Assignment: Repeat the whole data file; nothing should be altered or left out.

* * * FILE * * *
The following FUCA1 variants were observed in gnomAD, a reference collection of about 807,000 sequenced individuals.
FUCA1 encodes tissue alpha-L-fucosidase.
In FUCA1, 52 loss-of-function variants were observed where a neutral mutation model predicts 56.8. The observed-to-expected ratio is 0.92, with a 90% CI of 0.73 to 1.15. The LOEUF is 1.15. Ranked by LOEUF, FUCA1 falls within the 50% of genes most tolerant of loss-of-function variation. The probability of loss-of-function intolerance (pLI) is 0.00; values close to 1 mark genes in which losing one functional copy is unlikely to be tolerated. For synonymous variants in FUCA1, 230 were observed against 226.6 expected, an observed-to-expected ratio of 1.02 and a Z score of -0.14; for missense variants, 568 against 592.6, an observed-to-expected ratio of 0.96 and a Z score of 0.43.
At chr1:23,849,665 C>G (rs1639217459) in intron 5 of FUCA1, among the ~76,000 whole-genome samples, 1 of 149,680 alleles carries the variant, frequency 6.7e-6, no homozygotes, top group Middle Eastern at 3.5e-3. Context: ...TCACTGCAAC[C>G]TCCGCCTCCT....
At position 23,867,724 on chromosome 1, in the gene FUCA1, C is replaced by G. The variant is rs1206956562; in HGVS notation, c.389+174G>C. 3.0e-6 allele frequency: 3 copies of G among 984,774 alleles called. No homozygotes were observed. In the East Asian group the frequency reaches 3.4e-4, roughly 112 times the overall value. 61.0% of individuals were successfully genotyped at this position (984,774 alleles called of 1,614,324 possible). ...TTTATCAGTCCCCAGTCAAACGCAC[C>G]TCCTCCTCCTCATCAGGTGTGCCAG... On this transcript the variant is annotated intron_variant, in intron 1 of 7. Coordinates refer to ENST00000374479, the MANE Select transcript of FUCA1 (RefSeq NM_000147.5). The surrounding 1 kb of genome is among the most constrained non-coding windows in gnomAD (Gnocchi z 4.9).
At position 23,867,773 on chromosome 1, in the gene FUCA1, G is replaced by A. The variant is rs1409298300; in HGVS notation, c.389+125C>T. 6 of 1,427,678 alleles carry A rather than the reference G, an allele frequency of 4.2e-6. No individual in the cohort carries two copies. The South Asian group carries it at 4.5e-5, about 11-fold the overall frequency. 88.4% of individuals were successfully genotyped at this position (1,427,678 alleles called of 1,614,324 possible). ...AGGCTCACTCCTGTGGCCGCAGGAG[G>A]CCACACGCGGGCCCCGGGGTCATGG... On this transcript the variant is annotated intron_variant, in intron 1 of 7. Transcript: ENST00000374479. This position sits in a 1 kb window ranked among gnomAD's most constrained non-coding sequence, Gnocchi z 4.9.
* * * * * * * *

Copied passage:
The following FUCA1 variants were observed in gnomAD, a reference collection of about 807,000 sequenced individuals.
FUCA1 encodes tissue alpha-L-fucosidase.
In FUCA1, 52 loss-of-function variants were observed where a neutral mutation model predicts 56.8. The observed-to-expected ratio is 0.92, with a 90% CI of 0.73 to 1.15. The LOEUF is 1.15. Ranked by LOEUF, FUCA1 falls within the 50% of genes most tolerant of loss-of-function variation. The probability of loss-of-function intolerance (pLI) is 0.00; values close to 1 mark genes in which losing one functional copy is unlikely to be tolerated. For synonymous variants in FUCA1, 230 were observed against 226.6 expected, an observed-to-expected ratio of 1.02 and a Z score of -0.14; for missense variants, 568 against 592.6, an observed-to-expected ratio of 0.96 and a Z score of 0.43.
At chr1:23,849,665 C>G (rs1639217459) in intron 5 of FUCA1, among the ~76,000 whole-genome samples, 1 of 149,680 alleles carries the variant, frequency 6.7e-6, no homozygotes, top group Middle Eastern at 3.5e-3. Context: ...TCACTGCAAC[C>G]TCCGCCTCCT....
At position 23,867,724 on chromosome 1, in the gene FUCA1, C is replaced by G. The variant is rs1206956562; in HGVS notation, c.389+174G>C. 3.0e-6 allele frequency: 3 copies of G among 984,774 alleles called. No homozygotes were observed. In the East Asian group the frequency reaches 3.4e-4, roughly 112 times the overall value. 61.0% of individuals were successfully genotyped at this position (984,774 alleles called of 1,614,324 possible). ...TTTATCAGTCCCCAGTCAAACGCAC[C>G]TCCTCCTCCTCATCAGGTGTGCCAG... On this transcript the variant is annotated intron_variant, in intron 1 of 7. Coordinates refer to ENST00000374479, the MANE Select transcript of FUCA1 (RefSeq NM_000147.5). The surrounding 1 kb of genome is among the most constrained non-coding windows in gnomAD (Gnocchi z 4.9).
At position 23,867,773 on chromosome 1, in the gene FUCA1, G is replaced by A. The variant is rs1409298300; in HGVS notation, c.389+125C>T. 6 of 1,427,678 alleles carry A rather than the reference G, an allele frequency of 4.2e-6. No individual in the cohort carries two copies. The South Asian group carries it at 4.5e-5, about 11-fold the overall frequency. 88.4% of individuals were successfully genotyped at this position (1,427,678 alleles called of 1,614,324 possible). ...AGGCTCACTCCTGTGGCCGCAGGAG[G>A]CCACACGCGGGCCCCGGGGTCATGG... On this transcript the variant is annotated intron_variant, in intron 1 of 7. Transcript: ENST00000374479. This position sits in a 1 kb window ranked among gnomAD's most constrained non-coding sequence, Gnocchi z 4.9.